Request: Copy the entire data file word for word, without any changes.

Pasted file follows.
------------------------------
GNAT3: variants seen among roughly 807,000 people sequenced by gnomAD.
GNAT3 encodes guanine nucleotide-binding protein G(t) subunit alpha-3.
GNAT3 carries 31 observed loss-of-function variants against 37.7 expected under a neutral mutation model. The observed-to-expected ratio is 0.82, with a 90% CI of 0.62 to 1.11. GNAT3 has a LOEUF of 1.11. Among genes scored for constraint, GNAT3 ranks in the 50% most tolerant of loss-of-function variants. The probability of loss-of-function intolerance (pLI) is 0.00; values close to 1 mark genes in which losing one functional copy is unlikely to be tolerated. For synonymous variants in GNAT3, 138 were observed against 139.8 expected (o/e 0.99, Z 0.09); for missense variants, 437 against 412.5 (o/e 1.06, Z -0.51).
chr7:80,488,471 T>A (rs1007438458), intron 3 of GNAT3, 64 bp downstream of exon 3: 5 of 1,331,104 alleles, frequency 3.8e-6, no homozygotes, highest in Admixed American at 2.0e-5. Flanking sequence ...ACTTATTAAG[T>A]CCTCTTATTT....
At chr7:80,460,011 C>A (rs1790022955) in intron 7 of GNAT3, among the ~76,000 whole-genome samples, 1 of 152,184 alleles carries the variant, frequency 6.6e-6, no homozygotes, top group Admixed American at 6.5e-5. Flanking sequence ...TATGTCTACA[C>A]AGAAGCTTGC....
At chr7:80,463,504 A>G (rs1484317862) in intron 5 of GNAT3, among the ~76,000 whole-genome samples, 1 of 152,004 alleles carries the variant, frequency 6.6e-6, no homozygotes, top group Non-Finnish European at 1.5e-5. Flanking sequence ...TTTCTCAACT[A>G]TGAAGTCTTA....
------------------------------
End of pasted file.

GNAT3: variants seen among roughly 807,000 people sequenced by gnomAD.
GNAT3 encodes guanine nucleotide-binding protein G(t) subunit alpha-3.
GNAT3 carries 31 observed loss-of-function variants against 37.7 expected under a neutral mutation model. The observed-to-expected ratio is 0.82, with a 90% CI of 0.62 to 1.11. GNAT3 has a LOEUF of 1.11. Among genes scored for constraint, GNAT3 ranks in the 50% most tolerant of loss-of-function variants. The probability of loss-of-function intolerance (pLI) is 0.00; values close to 1 mark genes in which losing one functional copy is unlikely to be tolerated. For synonymous variants in GNAT3, 138 were observed against 139.8 expected (o/e 0.99, Z 0.09); for missense variants, 437 against 412.5 (o/e 1.06, Z -0.51).
chr7:80,488,471 T>A (rs1007438458), intron 3 of GNAT3, 64 bp downstream of exon 3: 5 of 1,331,104 alleles, frequency 3.8e-6, no homozygotes, highest in Admixed American at 2.0e-5. Flanking sequence ...ACTTATTAAG[T>A]CCTCTTATTT....
At chr7:80,460,011 C>A (rs1790022955) in intron 7 of GNAT3, among the ~76,000 whole-genome samples, 1 of 152,184 alleles carries the variant, frequency 6.6e-6, no homozygotes, top group Admixed American at 6.5e-5. Flanking sequence ...TATGTCTACA[C>A]AGAAGCTTGC....
At chr7:80,463,504 A>G (rs1484317862) in intron 5 of GNAT3, among the ~76,000 whole-genome samples, 1 of 152,004 alleles carries the variant, frequency 6.6e-6, no homozygotes, top group Non-Finnish European at 1.5e-5. Flanking sequence ...TTTCTCAACT[A>G]TGAAGTCTTA....